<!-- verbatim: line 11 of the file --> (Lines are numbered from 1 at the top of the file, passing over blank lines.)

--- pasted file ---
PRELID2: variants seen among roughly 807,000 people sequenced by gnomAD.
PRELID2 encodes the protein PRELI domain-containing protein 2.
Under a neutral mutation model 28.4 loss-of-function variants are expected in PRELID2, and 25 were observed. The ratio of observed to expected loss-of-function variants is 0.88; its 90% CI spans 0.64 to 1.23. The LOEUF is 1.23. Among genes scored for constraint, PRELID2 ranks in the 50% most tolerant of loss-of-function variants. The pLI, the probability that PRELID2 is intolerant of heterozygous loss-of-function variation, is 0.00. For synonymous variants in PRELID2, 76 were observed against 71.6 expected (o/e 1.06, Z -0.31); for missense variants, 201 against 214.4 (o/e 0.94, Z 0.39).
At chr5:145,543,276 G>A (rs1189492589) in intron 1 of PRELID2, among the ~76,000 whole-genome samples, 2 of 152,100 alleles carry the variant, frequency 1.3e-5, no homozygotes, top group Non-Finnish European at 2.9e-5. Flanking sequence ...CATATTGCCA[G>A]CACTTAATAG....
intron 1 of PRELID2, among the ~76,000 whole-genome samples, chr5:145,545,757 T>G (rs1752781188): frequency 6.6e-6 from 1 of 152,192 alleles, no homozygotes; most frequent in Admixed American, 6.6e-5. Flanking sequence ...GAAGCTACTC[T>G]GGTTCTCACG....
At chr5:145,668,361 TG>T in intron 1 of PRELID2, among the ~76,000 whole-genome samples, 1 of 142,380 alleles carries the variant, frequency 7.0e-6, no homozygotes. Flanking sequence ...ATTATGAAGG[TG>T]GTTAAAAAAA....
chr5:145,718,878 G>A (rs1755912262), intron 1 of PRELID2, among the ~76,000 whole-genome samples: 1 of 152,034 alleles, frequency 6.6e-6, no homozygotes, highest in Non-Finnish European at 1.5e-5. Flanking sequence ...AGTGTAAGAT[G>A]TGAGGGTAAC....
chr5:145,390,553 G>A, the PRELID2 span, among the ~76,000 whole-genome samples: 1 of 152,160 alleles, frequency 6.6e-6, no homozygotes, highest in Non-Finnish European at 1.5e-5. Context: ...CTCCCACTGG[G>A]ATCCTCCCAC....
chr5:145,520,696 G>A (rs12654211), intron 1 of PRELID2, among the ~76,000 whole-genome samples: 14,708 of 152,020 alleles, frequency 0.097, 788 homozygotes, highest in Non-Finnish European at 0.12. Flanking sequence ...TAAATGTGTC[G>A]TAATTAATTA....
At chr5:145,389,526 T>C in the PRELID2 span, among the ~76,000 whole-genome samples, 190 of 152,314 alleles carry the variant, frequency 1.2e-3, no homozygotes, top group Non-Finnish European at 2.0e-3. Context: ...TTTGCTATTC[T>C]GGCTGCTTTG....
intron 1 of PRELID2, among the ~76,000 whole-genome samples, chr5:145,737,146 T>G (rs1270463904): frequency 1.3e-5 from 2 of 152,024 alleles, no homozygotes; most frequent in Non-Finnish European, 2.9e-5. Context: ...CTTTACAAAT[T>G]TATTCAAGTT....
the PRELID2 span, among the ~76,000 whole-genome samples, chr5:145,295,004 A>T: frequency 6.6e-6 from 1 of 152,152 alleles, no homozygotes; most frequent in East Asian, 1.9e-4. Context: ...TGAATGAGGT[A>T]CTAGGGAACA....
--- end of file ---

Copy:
intron 1 of PRELID2, among the ~76,000 whole-genome samples, chr5:145,737,146 T>G (rs1270463904): frequency 1.3e-5 from 2 of 152,024 alleles, no homozygotes; most frequent in Non-Finnish European, 2.9e-5. Context: ...CTTTACAAAT[T>G]TATTCAAGTT....